If you have 50 states working to solve their problems, you have 50 unique viewpoints and competitors. It will be pretty clear if something works well in one state compared to anohter state's approach. Competition and all that.

              I say let the states make their own decisions. I believe in the Constitution, but we ignore the 10th Amendment.

              My point is, Obama lied about the figure. I'm sure it doesn't matter at all to you, because only Romney's mistakes matter, right?

              Second, Romney didn't defend the subsidy, he put it in perspective, and said that it is on the table. Putting it in perspective was important to show the hypocrisy of Obama. Obama brought it up like it is a big, bad subsidy for the big, evil oil companies, and he wants to get rid of it. Romney deftly showed that Obama had no problem with giving 50 years' worth of oil subsidies to green-energy companies, many of which went bankrupt.

              So, if Obama doesn't approve of oil subsidies, why should he approve of 50x more green-subsidies?

              He has said how his plan is supposed to work. He said every deduction is on the table. Every one. Isn't that just as effective as listing 'x' number of deductions individually? It's more effective.

              Plus, Romney's record shows that he is willing to make those hard choices. He raised revenues as Governor, and he cut spending. People didn't like it, but he did what had to be done. So, based on his history, and based on his plan, there is no reason not to trust him.

              He worked with a D-legislation to balance the budget and make compromises on getting things done. Now he is saying he will do the same thing, but you don't think you can trust him? Why?

              Didn't you read the links? Or do you want me to go through the transcript line-by-line?

        2. habee profile image93
          habeeposted 6 years agoin reply to this

 … larations/

          They both stated falsehoods, Sooner, but only Romney's seem to bother you.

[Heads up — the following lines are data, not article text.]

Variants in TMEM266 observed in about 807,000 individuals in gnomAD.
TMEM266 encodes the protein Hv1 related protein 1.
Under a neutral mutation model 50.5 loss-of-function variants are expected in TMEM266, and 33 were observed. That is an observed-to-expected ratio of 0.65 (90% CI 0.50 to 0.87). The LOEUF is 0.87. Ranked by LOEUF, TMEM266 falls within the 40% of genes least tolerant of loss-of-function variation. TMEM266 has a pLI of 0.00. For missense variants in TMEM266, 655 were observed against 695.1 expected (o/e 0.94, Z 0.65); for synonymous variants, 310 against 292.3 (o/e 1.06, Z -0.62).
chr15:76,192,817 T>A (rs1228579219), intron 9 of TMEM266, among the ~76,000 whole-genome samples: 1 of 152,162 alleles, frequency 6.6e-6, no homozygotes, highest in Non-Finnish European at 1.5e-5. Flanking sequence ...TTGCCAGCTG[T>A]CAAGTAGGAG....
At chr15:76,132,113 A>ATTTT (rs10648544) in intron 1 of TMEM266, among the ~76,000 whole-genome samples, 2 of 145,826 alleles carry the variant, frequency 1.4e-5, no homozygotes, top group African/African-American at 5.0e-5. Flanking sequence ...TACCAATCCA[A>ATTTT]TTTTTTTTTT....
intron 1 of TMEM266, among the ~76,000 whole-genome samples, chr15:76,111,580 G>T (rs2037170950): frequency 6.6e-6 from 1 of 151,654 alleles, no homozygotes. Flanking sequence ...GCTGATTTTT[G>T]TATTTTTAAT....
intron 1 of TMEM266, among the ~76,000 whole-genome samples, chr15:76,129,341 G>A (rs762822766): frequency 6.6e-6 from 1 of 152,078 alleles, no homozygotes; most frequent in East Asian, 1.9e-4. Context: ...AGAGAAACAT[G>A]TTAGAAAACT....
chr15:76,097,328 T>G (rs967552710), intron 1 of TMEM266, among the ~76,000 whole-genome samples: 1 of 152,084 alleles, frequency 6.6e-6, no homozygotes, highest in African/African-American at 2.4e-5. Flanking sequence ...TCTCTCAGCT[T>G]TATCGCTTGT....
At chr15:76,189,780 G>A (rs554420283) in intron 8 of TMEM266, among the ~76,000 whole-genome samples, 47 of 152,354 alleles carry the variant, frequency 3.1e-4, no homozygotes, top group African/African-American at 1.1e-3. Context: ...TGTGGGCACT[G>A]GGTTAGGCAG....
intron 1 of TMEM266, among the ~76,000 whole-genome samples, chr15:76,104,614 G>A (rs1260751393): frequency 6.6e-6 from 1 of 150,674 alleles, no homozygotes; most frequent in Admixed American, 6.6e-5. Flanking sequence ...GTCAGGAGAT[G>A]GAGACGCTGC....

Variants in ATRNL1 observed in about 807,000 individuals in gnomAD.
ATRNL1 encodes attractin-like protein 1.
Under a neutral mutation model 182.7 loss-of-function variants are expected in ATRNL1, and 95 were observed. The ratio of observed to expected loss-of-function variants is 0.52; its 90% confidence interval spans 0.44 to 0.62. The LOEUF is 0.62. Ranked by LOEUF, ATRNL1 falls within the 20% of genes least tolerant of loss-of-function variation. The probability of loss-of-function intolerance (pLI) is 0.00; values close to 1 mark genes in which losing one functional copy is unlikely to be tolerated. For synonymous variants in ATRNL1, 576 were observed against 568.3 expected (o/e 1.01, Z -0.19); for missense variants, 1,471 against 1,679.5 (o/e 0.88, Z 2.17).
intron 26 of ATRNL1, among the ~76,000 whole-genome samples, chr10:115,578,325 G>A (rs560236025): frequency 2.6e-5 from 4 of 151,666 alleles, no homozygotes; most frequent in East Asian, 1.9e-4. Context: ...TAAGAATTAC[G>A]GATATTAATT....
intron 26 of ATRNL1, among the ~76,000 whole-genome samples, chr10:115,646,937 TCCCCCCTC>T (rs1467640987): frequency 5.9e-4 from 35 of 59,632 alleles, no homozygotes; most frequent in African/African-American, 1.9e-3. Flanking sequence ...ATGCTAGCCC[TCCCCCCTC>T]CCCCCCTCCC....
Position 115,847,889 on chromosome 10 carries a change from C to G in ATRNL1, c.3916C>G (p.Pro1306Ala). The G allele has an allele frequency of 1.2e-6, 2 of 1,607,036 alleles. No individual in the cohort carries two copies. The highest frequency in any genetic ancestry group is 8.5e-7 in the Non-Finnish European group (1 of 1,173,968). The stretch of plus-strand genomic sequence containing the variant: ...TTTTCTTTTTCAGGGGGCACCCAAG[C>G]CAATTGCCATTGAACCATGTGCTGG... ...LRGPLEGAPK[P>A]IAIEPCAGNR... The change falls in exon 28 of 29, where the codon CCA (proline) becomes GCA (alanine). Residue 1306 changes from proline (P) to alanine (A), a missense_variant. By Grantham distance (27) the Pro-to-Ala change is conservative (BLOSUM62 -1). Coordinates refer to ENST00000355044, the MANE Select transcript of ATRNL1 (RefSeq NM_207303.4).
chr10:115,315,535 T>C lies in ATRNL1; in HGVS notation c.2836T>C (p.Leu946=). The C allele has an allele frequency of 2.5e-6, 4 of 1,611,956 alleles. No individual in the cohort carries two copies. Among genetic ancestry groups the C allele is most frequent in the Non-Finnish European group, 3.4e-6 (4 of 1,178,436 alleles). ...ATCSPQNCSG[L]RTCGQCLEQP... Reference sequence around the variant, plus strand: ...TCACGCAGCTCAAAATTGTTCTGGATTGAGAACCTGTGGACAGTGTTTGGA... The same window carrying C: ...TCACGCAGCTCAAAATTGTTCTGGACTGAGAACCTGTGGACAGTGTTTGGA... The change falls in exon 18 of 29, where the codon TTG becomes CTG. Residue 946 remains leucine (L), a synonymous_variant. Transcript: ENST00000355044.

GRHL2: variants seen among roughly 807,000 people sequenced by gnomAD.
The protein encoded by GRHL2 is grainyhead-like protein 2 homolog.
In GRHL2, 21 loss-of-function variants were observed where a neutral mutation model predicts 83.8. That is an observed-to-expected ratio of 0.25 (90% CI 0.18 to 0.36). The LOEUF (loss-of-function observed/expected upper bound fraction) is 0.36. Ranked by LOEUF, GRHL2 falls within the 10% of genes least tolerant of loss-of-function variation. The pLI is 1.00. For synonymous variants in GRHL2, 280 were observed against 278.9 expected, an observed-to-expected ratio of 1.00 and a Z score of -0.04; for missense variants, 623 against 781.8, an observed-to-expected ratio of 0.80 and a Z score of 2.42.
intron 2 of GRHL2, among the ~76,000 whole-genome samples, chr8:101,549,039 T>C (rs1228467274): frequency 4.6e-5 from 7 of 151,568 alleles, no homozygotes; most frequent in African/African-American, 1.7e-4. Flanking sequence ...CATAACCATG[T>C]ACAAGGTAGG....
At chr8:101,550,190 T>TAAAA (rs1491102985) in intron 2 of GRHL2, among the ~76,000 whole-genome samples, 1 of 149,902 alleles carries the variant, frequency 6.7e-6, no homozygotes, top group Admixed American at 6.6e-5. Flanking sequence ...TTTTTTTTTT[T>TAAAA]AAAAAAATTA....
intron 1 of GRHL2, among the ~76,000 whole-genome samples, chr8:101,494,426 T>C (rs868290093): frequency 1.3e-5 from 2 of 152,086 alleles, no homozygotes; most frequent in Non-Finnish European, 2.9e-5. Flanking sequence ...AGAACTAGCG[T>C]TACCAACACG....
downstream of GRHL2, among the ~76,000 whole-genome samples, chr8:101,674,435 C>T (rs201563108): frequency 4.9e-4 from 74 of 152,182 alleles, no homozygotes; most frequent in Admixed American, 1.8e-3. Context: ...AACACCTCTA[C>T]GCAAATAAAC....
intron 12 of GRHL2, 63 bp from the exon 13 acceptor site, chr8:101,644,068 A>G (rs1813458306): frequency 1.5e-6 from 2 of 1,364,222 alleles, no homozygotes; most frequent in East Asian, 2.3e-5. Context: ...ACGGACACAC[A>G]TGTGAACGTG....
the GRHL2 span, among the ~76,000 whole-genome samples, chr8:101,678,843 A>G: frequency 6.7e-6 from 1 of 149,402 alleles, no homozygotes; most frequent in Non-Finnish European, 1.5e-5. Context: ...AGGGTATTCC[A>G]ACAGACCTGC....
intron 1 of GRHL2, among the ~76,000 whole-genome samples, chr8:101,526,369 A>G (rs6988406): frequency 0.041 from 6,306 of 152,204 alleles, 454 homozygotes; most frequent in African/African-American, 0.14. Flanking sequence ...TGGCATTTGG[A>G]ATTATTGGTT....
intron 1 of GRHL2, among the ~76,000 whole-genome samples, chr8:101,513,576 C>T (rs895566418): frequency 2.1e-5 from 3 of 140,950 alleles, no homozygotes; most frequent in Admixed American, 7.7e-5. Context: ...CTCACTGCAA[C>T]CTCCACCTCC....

1. PrettyPanther profile image86
            PrettyPantherposted 6 years agoin reply to this

            Haven't you heard?  There are lies and then there are damned lies.  smile

            1. habee profile image93
              habeeposted 6 years agoin reply to this


  2. crazyhorsesghost profile image74
    crazyhorsesghostposted 6 years ago

    Both of them bother me. I wish we had another choice or the ability to vote none of the above. Now that would send a message. Can you imagine a couple of elections where none of the above won the election.

    I really don't like either of them and will vote for the Green Party.

    I can't believe the way the game of politics is played in America. They cause fighting between groups of Americans and then laugh all the way to the bank. It would be so nice if all the American people would wake up and refuse to play their political spin game anymore.

    1. Pearldiver profile image82
      Pearldiverposted 6 years agoin reply to this

      Well Said...

      But if it's any con 'sell' ation...  It is a worldwide problem and one that effects most countries...

      Our PM is currently touring the Movie Moguls in Hollywood, while he hides from the NZ public and his denial that he knew anything about the FBI - NZ Police spying and subsequent raid on Kim Dotcom the founder of Megaupload, who was put on the hit list by US Politicians, Movie companies and others with vested interest in controlling the Internet!